A man wanders out of the desert not knowing who he is. His brother finds him, and helps to pull his memory back of the life he led before he walked out on his wife and son four years before... See full summary »
Harry Dean Stanton,
How do we understand faith and prayer, and what of miracles? August 1925 on a Danish farm. Patriarch Borgen has three sons: Mikkel, a good-hearted agnostic whose wife Inger is pregnant, ... See full summary »
Carl Theodor Dreyer
Emil Hass Christensen,
Preben Lerdorff Rye
Sometime in the early years of the century, a boy, Apu, is born to a poor Brahmin family in a village in Bengal. The father, a poet and priest, cannot earn enough to keep his family going. ... See full summary »
"The Silence" is about the emotional distance between two sisters. The younger one is still attractive enough to pick up a lover in a strange city. The older one -- even though she is very ... See full summary »
In Madrid, the orphan sisters Irene, Ana and Maite are raised by their austere aunt Paulina together with their mute and crippled grandmother after the death of their mother and their ... See full summary »
On a cold winter's Sunday, the pastor of a small rural church (Tomas Ericsson) performs service for a tiny congregation; though he is suffering from a cold and a severe crisis of faith. ... See full summary »
In Castile c.1940, a travelling movie theatre brings James Whale's b/w film classic "Frankenstein" (1931) to a village. (Admission 1 peseta for adults, 2 reales for children.) Two young girls, Isabel and Ana, determine to find the Monster. Written by
Michael Crew <firstname.lastname@example.org>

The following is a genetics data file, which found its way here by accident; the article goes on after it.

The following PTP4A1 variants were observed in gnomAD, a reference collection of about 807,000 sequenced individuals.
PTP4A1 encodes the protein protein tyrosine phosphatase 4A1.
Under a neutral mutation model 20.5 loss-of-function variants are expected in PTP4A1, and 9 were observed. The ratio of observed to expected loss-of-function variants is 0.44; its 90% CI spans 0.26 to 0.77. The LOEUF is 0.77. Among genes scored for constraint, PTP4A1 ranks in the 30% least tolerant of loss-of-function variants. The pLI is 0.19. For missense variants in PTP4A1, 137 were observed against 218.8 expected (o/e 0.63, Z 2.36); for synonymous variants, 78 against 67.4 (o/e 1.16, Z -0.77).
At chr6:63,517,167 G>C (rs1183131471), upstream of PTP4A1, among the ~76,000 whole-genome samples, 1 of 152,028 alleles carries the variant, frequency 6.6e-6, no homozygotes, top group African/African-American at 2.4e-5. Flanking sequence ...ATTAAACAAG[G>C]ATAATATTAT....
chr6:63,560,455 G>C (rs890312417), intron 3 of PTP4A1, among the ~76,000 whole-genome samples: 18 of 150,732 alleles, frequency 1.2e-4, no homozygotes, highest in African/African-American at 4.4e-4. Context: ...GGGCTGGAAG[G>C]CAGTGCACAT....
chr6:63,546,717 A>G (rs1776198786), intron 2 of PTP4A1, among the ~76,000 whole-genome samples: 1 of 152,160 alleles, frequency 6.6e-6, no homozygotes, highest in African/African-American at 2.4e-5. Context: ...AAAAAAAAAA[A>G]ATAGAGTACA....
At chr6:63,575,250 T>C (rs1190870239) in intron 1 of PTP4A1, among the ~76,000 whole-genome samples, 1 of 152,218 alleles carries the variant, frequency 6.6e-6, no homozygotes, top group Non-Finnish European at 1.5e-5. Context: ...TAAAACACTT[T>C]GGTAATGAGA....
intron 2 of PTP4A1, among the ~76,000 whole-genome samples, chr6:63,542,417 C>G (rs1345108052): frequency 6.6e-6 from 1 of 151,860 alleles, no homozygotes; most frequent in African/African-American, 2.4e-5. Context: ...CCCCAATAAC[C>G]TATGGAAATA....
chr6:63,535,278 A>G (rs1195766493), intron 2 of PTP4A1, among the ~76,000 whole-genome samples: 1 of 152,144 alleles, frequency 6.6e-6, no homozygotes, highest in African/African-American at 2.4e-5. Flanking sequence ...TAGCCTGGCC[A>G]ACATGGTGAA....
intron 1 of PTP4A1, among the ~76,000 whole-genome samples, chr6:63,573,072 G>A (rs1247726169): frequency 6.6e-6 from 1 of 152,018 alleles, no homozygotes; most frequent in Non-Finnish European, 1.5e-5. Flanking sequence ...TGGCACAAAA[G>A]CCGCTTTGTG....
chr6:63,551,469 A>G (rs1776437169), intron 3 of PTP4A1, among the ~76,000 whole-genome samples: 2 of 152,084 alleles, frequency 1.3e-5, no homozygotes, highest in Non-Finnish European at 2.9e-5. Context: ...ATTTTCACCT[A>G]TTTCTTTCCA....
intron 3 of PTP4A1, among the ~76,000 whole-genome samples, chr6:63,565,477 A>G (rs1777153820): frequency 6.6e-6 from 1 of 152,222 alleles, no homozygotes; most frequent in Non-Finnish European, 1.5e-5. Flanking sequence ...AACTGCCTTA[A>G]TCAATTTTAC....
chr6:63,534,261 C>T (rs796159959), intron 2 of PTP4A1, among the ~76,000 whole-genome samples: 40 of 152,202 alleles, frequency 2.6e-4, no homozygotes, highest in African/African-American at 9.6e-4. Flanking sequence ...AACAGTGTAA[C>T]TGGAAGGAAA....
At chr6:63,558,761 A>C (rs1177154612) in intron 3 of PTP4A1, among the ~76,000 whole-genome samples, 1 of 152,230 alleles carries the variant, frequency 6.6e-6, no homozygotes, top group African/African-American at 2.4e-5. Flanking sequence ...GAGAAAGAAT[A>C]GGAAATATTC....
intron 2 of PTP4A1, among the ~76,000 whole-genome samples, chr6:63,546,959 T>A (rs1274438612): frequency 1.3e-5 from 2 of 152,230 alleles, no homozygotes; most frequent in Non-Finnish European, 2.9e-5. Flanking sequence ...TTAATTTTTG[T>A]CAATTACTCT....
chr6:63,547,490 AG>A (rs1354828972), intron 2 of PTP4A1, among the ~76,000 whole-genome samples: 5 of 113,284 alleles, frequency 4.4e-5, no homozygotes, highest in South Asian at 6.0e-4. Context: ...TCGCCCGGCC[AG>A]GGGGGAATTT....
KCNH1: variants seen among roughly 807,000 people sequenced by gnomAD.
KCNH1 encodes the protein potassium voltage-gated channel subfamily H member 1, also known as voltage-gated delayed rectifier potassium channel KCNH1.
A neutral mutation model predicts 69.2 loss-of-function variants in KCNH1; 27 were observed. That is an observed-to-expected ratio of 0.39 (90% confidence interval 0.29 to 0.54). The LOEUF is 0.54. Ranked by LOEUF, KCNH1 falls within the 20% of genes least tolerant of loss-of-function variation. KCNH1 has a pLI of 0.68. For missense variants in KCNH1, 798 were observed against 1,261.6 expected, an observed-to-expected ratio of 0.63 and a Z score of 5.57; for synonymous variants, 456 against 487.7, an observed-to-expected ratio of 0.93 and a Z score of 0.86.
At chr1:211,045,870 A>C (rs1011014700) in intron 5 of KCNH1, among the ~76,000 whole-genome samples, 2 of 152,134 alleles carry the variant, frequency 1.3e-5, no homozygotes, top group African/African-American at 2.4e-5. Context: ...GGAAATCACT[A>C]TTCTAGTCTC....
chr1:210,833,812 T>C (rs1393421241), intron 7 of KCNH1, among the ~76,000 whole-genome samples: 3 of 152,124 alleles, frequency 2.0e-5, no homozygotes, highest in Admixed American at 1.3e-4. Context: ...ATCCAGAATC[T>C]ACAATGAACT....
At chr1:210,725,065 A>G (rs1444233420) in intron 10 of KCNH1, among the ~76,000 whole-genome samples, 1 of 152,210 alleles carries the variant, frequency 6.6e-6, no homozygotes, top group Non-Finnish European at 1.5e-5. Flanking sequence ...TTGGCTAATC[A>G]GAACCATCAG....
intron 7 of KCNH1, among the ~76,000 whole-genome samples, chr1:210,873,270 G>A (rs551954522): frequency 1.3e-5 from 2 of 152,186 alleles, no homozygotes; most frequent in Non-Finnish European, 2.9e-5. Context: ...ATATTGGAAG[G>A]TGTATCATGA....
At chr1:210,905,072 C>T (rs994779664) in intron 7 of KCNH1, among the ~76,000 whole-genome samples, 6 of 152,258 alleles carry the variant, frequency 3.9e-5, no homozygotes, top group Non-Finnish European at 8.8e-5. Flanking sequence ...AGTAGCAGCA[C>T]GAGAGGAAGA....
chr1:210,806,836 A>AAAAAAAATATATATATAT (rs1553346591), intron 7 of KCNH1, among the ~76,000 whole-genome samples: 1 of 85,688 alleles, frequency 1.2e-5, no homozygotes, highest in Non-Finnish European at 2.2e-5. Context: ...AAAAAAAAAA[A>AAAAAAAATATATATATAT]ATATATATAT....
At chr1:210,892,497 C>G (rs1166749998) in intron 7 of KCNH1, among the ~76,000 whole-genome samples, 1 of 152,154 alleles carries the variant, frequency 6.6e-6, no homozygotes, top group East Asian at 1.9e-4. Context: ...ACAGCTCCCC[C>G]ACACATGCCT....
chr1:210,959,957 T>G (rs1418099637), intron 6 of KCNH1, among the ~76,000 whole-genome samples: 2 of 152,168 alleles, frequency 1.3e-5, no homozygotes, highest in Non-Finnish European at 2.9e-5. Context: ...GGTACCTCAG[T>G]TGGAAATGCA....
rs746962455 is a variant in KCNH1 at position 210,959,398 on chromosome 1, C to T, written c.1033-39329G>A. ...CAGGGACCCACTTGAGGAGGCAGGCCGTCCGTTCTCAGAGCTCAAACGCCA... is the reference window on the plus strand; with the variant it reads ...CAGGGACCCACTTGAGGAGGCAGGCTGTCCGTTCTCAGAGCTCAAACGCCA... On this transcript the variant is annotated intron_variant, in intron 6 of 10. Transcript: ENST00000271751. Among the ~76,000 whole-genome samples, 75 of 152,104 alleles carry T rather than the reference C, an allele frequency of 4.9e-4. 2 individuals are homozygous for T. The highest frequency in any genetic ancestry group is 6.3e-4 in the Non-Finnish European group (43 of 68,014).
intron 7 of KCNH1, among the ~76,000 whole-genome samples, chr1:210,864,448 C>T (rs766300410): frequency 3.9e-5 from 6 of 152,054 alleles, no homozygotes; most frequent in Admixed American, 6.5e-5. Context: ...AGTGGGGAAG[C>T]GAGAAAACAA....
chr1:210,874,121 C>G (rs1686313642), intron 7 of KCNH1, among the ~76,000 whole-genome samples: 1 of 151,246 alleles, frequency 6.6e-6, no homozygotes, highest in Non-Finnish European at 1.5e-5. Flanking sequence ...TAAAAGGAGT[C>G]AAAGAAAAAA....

The deserted building next to the well was actually an abandoned sheep-shed. See more »
When Ana & Isabel first go to the well there are stones around the base. Ana steps on one to look down in to the well. When she returns later there are no longer any stones so when she looks in to the well she is much too short to see down in it. See more »
[unable to sleep]
[opening her eyes]
Tell me what you were going to tell me.
Not now... Tomorrow.
Now... You promised. Why did he kill the girl, and why did they kill him after that?... You don't know - you're a liar.
They didn't kill him, and he didn't kill the girl.
How do you know? How do you know they didn't die?
Everything in the movies is fake. It's all a trick. Besides, I've seen him alive.
[...] See more »
I was about sixteen years old when I first saw The Spirit Of The Beehive, the first so-called "art house" movie I was ever fully confronted with. I say "confronted" because I had simply never seen anything like it before, and in a way I felt almost offended by its ambiguity and symbolism. How dare a movie suggest I tie all the loose ends together? I want everything on a plate, right there, explained! Then I watched it again. And again. And eventually it dawned on me: Film-making does not necessarily have to be about what we are *meant* to inscribe into something - it's what we, personally, subjectively, read into it, based on our experience and perspective of the world. Victor Erice's Espiritu De La Colmena introduced me to a whole new approach to film and cinema, and one which paved the way to my admiration for directors like Tarkovsky, Marker, and generally any unconventional film-maker under the sun. For that alone it holds a special resonance to me.